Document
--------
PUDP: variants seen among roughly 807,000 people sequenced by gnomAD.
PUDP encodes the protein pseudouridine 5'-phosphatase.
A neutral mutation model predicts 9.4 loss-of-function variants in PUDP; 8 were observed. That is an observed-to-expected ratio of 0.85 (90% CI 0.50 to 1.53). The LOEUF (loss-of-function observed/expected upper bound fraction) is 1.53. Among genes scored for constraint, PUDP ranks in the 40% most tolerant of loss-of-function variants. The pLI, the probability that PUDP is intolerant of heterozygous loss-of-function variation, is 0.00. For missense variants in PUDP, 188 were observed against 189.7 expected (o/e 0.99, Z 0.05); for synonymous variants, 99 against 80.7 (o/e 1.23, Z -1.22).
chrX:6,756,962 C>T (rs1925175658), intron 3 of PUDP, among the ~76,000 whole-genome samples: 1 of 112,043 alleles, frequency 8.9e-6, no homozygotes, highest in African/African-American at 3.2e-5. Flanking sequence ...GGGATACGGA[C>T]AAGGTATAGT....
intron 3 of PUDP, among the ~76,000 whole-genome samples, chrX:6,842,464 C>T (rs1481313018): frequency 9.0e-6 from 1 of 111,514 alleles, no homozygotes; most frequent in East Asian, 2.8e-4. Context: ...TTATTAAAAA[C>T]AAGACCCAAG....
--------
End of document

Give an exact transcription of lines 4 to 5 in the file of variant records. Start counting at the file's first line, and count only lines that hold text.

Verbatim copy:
chrX:6,756,962 C>T (rs1925175658), intron 3 of PUDP, among the ~76,000 whole-genome samples: 1 of 112,043 alleles, frequency 8.9e-6, no homozygotes, highest in African/African-American at 3.2e-5. Flanking sequence ...GGGATACGGA[C>T]AAGGTATAGT....
intron 3 of PUDP, among the ~76,000 whole-genome samples, chrX:6,842,464 C>T (rs1481313018): frequency 9.0e-6 from 1 of 111,514 alleles, no homozygotes; most frequent in East Asian, 2.8e-4. Context: ...TTATTAAAAA[C>T]AAGACCCAAG....